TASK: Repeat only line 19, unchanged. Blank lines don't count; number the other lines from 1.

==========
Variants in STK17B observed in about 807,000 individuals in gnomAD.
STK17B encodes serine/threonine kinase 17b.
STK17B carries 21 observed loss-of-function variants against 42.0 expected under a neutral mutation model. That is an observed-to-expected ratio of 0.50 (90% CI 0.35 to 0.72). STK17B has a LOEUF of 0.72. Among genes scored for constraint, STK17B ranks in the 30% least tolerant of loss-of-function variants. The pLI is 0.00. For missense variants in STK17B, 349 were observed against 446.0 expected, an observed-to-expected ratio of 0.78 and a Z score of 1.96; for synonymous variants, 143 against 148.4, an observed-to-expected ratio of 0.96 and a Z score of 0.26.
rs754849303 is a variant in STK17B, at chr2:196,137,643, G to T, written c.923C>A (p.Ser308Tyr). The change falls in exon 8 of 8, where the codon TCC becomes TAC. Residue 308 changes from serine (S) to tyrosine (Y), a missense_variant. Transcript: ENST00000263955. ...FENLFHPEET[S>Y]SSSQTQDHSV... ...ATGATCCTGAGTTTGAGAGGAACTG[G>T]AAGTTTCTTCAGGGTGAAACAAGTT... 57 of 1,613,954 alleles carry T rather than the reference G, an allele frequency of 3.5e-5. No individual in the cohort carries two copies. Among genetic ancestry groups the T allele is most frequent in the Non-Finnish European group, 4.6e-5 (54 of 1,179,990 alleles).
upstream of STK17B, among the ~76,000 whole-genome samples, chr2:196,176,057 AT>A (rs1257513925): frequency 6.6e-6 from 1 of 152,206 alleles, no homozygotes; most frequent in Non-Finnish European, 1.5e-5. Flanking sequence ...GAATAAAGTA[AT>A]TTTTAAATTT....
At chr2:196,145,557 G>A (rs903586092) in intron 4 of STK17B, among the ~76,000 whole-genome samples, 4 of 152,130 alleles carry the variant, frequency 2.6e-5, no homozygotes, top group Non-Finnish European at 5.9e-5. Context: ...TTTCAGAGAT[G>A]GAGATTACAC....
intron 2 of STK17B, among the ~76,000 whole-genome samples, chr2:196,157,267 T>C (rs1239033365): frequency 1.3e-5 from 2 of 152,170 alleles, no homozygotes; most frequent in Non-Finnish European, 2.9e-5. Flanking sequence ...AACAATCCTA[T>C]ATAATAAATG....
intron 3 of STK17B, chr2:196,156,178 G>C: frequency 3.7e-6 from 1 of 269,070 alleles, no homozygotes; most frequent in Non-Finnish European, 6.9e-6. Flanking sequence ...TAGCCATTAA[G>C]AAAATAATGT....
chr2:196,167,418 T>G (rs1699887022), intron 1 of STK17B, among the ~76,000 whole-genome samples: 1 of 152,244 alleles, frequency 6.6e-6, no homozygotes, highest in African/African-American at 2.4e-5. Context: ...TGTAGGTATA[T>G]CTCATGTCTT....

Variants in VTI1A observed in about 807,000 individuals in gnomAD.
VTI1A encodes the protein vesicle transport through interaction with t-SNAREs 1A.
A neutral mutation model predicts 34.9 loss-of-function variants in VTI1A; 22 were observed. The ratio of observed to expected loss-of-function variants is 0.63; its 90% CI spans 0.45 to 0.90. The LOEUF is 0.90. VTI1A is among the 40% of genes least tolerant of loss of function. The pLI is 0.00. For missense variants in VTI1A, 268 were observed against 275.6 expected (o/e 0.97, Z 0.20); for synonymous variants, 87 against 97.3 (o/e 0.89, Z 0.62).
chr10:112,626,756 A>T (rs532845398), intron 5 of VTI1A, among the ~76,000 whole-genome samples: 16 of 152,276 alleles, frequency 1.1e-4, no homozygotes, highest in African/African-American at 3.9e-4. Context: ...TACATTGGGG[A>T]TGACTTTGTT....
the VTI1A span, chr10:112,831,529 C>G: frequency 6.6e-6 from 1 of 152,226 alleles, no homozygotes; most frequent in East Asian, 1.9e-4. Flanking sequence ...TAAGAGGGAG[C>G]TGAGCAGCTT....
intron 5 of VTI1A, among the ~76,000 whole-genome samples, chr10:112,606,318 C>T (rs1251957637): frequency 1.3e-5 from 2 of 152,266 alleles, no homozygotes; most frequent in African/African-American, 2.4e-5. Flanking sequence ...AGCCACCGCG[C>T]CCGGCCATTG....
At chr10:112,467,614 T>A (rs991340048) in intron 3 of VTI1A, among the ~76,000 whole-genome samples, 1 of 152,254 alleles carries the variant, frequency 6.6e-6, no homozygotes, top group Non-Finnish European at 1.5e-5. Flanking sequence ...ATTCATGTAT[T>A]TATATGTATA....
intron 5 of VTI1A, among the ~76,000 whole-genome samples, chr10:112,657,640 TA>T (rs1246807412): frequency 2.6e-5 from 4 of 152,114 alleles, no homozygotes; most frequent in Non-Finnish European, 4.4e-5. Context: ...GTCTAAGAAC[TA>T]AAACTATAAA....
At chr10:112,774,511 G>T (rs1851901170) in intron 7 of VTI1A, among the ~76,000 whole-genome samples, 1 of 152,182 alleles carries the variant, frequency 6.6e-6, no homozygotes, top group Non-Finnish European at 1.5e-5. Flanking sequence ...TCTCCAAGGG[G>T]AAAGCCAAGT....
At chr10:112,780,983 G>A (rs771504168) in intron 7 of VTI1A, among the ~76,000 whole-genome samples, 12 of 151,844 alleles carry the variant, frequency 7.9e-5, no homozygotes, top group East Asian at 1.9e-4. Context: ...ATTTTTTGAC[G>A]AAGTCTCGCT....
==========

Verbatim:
At chr10:112,780,983 G>A (rs771504168) in intron 7 of VTI1A, among the ~76,000 whole-genome samples, 12 of 151,844 alleles carry the variant, frequency 7.9e-5, no homozygotes, top group East Asian at 1.9e-4. Context: ...ATTTTTTGAC[G>A]AAGTCTCGCT....